Beyoncé has some great, jazzy vocal runs during Plastic On The Sofa as the event transitions into soul and R&B.
After leading the crowd in an a cappella version of the final four choruses of the jubilant Love On Top song, complete with key changes, she says, “I’ll have to stop you there or you’d be going all night.”
The steamy, hedonistic party anthem Heated, which concludes with a frantic rap directed at her critics, is the star’s favorite song, she claims.
She informs us, perhaps oblivious that everyone can see the autocue that has been feeding her the lyrics throughout the event, “Sometimes I mess up the words, so y’all got to help me.”
But that’s hardly a criticism. This mind-blowing event, where nearly every song references another aspect of Beyoncé’s discography, contains a lot to remember. For instance, Virgo’s Groove, an addictive electro-funk tune, borrows ideas from seven other songs, including Say My Name by Destiny’s Child and Naughty Girl.
Beyoncé also pays tribute to the Jacksons’ Shake Your Body (Down To The Ground), Kendrick Lamar’s Alright, and Madonna’s Vogue in other songs.
It is a maximalist ode to dance music that never comes off as forced or cumbersome.
The staging follows the more-is-more strategy that has come to be expected for stadium concerts.
Beyoncé makes cameos as Botticelli’s Venus in a clamshell, an Athena riding rockets into space, a living stained glass window, a big bee (a tribute to her stage name, Queen Bey), and other characters at various times throughout the song.
A glitterball the size of a small caravan, an incredible amount of glitter, and – for the finale – Beyoncé flying around the stadium atop a huge silver horse, in an homage to Bianca Jagger at Studio 54, are also among the other highlights of the performance.
People who arrived expecting the kind of social commentary that Beyoncé provided on her album Lemonade and the accompanying Coachella performance may be disappointed by this performance because the songs from Lemonade are notably missing from this lineup.
Underneath the surface, however, is a message of self-acceptance, tolerance, and expectation-free living.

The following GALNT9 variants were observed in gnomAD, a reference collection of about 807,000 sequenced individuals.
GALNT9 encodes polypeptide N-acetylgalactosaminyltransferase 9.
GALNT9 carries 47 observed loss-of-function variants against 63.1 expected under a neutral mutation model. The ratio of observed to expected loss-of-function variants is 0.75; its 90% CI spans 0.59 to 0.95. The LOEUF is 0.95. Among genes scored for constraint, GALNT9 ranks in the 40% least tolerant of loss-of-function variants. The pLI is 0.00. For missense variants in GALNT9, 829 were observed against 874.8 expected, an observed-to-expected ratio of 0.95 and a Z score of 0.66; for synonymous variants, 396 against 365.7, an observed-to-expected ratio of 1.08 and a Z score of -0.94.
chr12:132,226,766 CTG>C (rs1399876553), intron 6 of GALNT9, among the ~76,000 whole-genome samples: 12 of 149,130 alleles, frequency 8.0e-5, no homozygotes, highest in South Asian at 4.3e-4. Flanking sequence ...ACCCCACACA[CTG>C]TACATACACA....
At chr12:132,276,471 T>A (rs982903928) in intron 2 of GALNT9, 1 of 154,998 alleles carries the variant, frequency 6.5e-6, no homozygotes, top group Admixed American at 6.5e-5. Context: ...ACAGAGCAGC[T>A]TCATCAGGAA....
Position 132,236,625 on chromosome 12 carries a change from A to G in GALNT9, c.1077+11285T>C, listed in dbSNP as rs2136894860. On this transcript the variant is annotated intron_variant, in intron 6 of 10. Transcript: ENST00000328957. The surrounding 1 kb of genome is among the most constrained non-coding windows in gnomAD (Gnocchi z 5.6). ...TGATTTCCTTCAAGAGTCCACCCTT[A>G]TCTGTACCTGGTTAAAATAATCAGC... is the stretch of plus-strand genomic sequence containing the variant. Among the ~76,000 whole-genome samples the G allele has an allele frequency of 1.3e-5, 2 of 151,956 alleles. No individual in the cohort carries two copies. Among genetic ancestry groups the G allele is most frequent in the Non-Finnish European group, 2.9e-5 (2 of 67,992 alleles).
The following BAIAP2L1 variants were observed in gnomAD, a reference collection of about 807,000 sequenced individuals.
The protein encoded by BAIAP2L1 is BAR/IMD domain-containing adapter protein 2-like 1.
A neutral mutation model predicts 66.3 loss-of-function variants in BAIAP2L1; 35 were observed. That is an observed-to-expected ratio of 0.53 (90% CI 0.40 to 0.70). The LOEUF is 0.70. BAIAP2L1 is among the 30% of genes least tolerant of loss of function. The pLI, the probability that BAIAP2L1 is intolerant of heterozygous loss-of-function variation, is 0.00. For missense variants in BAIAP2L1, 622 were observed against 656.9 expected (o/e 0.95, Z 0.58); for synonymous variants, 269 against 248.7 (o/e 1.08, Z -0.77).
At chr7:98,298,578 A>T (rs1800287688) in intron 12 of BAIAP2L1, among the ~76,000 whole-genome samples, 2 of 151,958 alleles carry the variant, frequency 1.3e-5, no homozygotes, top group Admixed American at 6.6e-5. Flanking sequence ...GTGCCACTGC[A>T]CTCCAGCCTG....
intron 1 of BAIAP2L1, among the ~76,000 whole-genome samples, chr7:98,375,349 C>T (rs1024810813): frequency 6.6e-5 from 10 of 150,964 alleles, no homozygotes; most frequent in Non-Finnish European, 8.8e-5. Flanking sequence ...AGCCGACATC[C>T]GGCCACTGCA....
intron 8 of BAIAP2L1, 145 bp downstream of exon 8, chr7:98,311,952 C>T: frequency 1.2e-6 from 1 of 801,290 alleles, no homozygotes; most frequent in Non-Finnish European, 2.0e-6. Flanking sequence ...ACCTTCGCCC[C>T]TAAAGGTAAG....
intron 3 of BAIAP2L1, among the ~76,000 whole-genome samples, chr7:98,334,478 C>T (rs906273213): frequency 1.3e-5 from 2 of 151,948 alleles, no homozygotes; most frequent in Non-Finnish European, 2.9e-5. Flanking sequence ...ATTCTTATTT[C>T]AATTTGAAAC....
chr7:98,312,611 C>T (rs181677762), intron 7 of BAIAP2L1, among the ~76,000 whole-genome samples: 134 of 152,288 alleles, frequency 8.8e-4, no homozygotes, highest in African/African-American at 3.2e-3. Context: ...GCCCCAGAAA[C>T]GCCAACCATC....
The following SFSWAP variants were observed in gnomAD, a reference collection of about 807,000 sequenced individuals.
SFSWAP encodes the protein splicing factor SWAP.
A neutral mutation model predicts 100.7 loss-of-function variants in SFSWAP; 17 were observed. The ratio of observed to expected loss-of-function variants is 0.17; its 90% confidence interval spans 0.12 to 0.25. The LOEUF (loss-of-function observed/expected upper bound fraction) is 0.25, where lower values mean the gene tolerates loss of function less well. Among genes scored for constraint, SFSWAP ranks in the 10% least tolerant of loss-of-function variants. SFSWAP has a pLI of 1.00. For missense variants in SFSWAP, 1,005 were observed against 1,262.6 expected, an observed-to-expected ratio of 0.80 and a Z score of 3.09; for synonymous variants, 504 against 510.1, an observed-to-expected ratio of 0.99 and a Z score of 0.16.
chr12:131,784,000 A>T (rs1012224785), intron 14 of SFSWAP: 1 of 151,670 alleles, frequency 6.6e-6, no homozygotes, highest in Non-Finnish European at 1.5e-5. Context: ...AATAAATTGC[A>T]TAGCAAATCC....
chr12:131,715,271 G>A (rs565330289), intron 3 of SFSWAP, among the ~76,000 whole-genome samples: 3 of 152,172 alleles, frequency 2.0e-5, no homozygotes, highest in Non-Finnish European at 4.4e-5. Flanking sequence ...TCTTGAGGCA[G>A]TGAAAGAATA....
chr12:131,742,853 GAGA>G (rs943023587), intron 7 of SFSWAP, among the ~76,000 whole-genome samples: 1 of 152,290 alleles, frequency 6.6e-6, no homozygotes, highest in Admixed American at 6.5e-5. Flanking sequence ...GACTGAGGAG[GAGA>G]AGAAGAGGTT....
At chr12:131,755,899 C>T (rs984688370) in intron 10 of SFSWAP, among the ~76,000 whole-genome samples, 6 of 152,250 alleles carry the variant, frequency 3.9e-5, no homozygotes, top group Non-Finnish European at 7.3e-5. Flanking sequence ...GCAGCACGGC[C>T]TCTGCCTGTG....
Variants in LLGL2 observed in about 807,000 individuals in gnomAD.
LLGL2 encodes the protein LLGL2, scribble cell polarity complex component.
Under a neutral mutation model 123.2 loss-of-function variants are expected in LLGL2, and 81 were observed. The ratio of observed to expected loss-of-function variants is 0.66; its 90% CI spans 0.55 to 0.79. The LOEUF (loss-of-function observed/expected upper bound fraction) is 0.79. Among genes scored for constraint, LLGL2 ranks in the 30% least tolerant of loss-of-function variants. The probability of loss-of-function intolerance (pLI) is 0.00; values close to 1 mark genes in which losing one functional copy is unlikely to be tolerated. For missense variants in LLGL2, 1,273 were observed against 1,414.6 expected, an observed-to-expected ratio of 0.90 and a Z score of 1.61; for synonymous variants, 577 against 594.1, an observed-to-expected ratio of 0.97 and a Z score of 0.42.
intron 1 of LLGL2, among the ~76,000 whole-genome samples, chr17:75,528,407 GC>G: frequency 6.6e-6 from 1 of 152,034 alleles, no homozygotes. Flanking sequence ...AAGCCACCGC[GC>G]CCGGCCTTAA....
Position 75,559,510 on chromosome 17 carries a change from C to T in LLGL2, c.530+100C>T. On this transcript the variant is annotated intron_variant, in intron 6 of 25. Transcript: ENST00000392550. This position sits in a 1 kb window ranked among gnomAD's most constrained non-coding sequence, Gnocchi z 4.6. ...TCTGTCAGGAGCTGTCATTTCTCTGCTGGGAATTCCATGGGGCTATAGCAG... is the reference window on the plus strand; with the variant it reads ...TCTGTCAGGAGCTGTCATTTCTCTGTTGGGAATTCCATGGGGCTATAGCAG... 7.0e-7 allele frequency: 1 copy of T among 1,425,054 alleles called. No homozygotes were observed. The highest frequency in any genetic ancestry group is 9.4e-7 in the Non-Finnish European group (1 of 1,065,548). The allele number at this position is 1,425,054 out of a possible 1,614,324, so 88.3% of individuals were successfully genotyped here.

As the crowd enters, the television screens show what appears to be a TV test feed but is actually the Progress Pride flag’s colors.
The same displays light up at the conclusion of the performance with a picture of Beyoncé’s mother Tina and her “godmother,” her late uncle Jonny, who was homosexual and HIV-positive and exposed Beyoncé to a lot of the music on Renaissance in addition to creating some of her early stage outfits.
While Beyoncé sings about quitting your job and plunging headfirst into a life of hedonistic pleasure (something she presumably allows herself to imagine once a day, just after breakfast, before snapping into a perfectly timed dance break), the show is interspersed with legendary commentator Kevin JZ Prodigy paying homage to the Ballroom subculture that originated among the black and Latino LGBTQ communities in New York.
The overall message is one of acceptance and joy. Joy in expressing who you are, in dancing, in letting go, and in being with others.
It’s possible that she saved the visuals for the tour because listening to this record best takes place in a social setting.
plus Beyoncé. On a bejeweled horse.
- Dangerously in Love
- Flaws and All
- 1+1 / I’m Goin Down (Mary J. Blige cover)
- I Care
- River Deep, Mountain High (Tina Turner cover)
- I’m That Girl
- Alien Superstar
- Cuff It
- Break My Soul / Break My Soul (Queens Mix)
- Run the World (Girls)
- My Power
- Black Parade
- Savage (Remix)
- Church Girl
- Get Me Bodied
- Before I Let Go
- Rather Die Young
- Love on Top
- Crazy in Love
- Green Light
- Love Hangover (Diana Ross cover by house band)
- Plastic Off The Sofa
- Virgo’s Groove / Naughty Girl
- America Has A Problem
- Pure / Honey
- Summer Renaissance